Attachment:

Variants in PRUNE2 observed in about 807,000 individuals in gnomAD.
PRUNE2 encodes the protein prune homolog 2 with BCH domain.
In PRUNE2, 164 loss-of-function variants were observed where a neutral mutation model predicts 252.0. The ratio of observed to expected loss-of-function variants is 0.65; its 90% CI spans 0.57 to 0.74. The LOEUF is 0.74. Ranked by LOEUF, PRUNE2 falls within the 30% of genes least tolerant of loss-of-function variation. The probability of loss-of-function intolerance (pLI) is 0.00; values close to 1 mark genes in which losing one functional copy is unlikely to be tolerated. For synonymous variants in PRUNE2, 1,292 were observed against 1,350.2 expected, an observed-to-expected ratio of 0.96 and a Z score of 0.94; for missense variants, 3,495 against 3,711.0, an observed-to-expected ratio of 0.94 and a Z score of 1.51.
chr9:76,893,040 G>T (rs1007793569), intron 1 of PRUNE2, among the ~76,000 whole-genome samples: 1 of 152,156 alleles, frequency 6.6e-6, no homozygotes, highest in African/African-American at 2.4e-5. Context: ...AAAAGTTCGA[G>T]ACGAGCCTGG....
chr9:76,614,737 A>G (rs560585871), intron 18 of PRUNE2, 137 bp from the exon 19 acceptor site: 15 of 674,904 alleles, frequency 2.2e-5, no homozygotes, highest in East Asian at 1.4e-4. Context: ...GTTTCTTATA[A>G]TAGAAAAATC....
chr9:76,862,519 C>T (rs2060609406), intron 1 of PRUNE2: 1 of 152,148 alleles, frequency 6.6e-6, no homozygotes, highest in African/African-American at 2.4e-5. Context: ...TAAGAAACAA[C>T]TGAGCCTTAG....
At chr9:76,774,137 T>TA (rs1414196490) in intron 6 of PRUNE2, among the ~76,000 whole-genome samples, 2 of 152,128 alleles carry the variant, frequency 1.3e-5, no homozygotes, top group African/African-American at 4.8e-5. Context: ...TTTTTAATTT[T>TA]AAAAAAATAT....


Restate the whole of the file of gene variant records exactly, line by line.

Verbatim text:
Variants in PRUNE2 observed in about 807,000 individuals in gnomAD.
PRUNE2 encodes the protein prune homolog 2 with BCH domain.
In PRUNE2, 164 loss-of-function variants were observed where a neutral mutation model predicts 252.0. The ratio of observed to expected loss-of-function variants is 0.65; its 90% CI spans 0.57 to 0.74. The LOEUF is 0.74. Ranked by LOEUF, PRUNE2 falls within the 30% of genes least tolerant of loss-of-function variation. The probability of loss-of-function intolerance (pLI) is 0.00; values close to 1 mark genes in which losing one functional copy is unlikely to be tolerated. For synonymous variants in PRUNE2, 1,292 were observed against 1,350.2 expected, an observed-to-expected ratio of 0.96 and a Z score of 0.94; for missense variants, 3,495 against 3,711.0, an observed-to-expected ratio of 0.94 and a Z score of 1.51.
chr9:76,893,040 G>T (rs1007793569), intron 1 of PRUNE2, among the ~76,000 whole-genome samples: 1 of 152,156 alleles, frequency 6.6e-6, no homozygotes, highest in African/African-American at 2.4e-5. Context: ...AAAAGTTCGA[G>T]ACGAGCCTGG....
chr9:76,614,737 A>G (rs560585871), intron 18 of PRUNE2, 137 bp from the exon 19 acceptor site: 15 of 674,904 alleles, frequency 2.2e-5, no homozygotes, highest in East Asian at 1.4e-4. Context: ...GTTTCTTATA[A>G]TAGAAAAATC....
chr9:76,862,519 C>T (rs2060609406), intron 1 of PRUNE2: 1 of 152,148 alleles, frequency 6.6e-6, no homozygotes, highest in African/African-American at 2.4e-5. Context: ...TAAGAAACAA[C>T]TGAGCCTTAG....
At chr9:76,774,137 T>TA (rs1414196490) in intron 6 of PRUNE2, among the ~76,000 whole-genome samples, 2 of 152,128 alleles carry the variant, frequency 1.3e-5, no homozygotes, top group African/African-American at 4.8e-5. Context: ...TTTTTAATTT[T>TA]AAAAAAATAT....